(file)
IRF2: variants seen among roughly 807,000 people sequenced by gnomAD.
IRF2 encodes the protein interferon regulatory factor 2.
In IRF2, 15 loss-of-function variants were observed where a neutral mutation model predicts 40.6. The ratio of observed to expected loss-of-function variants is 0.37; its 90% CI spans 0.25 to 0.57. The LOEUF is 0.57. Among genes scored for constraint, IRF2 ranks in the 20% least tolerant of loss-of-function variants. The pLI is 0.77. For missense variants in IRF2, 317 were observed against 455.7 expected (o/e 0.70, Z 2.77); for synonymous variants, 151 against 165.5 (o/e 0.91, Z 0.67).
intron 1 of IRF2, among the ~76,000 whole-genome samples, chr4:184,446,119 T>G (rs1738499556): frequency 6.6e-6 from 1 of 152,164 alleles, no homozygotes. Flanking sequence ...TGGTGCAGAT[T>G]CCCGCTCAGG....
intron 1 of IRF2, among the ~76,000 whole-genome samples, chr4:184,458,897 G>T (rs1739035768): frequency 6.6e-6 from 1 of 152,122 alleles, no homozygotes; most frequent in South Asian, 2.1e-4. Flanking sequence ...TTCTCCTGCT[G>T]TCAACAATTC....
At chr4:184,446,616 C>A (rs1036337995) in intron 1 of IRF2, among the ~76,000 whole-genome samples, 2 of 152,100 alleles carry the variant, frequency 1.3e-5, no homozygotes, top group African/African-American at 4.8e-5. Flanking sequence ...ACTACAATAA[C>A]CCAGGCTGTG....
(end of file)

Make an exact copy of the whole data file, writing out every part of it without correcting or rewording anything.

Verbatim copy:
IRF2: variants seen among roughly 807,000 people sequenced by gnomAD.
IRF2 encodes the protein interferon regulatory factor 2.
In IRF2, 15 loss-of-function variants were observed where a neutral mutation model predicts 40.6. The ratio of observed to expected loss-of-function variants is 0.37; its 90% CI spans 0.25 to 0.57. The LOEUF is 0.57. Among genes scored for constraint, IRF2 ranks in the 20% least tolerant of loss-of-function variants. The pLI is 0.77. For missense variants in IRF2, 317 were observed against 455.7 expected (o/e 0.70, Z 2.77); for synonymous variants, 151 against 165.5 (o/e 0.91, Z 0.67).
intron 1 of IRF2, among the ~76,000 whole-genome samples, chr4:184,446,119 T>G (rs1738499556): frequency 6.6e-6 from 1 of 152,164 alleles, no homozygotes. Flanking sequence ...TGGTGCAGAT[T>G]CCCGCTCAGG....
intron 1 of IRF2, among the ~76,000 whole-genome samples, chr4:184,458,897 G>T (rs1739035768): frequency 6.6e-6 from 1 of 152,122 alleles, no homozygotes; most frequent in South Asian, 2.1e-4. Flanking sequence ...TTCTCCTGCT[G>T]TCAACAATTC....
At chr4:184,446,616 C>A (rs1036337995) in intron 1 of IRF2, among the ~76,000 whole-genome samples, 2 of 152,100 alleles carry the variant, frequency 1.3e-5, no homozygotes, top group African/African-American at 4.8e-5. Flanking sequence ...ACTACAATAA[C>A]CCAGGCTGTG....